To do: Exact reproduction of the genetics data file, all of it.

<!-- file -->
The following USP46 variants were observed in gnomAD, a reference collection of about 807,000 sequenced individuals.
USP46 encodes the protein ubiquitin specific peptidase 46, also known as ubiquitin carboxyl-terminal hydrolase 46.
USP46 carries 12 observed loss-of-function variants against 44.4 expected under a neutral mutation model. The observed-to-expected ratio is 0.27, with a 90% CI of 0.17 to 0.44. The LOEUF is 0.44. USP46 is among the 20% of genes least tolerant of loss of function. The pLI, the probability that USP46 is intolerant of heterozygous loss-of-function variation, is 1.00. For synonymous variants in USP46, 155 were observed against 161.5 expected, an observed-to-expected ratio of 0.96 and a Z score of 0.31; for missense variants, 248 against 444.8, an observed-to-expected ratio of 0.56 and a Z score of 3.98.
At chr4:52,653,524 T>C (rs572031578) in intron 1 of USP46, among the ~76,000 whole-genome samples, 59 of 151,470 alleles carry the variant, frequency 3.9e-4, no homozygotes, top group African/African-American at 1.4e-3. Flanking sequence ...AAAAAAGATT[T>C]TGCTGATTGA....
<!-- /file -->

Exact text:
The following USP46 variants were observed in gnomAD, a reference collection of about 807,000 sequenced individuals.
USP46 encodes the protein ubiquitin specific peptidase 46, also known as ubiquitin carboxyl-terminal hydrolase 46.
USP46 carries 12 observed loss-of-function variants against 44.4 expected under a neutral mutation model. The observed-to-expected ratio is 0.27, with a 90% CI of 0.17 to 0.44. The LOEUF is 0.44. USP46 is among the 20% of genes least tolerant of loss of function. The pLI, the probability that USP46 is intolerant of heterozygous loss-of-function variation, is 1.00. For synonymous variants in USP46, 155 were observed against 161.5 expected, an observed-to-expected ratio of 0.96 and a Z score of 0.31; for missense variants, 248 against 444.8, an observed-to-expected ratio of 0.56 and a Z score of 3.98.
At chr4:52,653,524 T>C (rs572031578) in intron 1 of USP46, among the ~76,000 whole-genome samples, 59 of 151,470 alleles carry the variant, frequency 3.9e-4, no homozygotes, top group African/African-American at 1.4e-3. Flanking sequence ...AAAAAAGATT[T>C]TGCTGATTGA....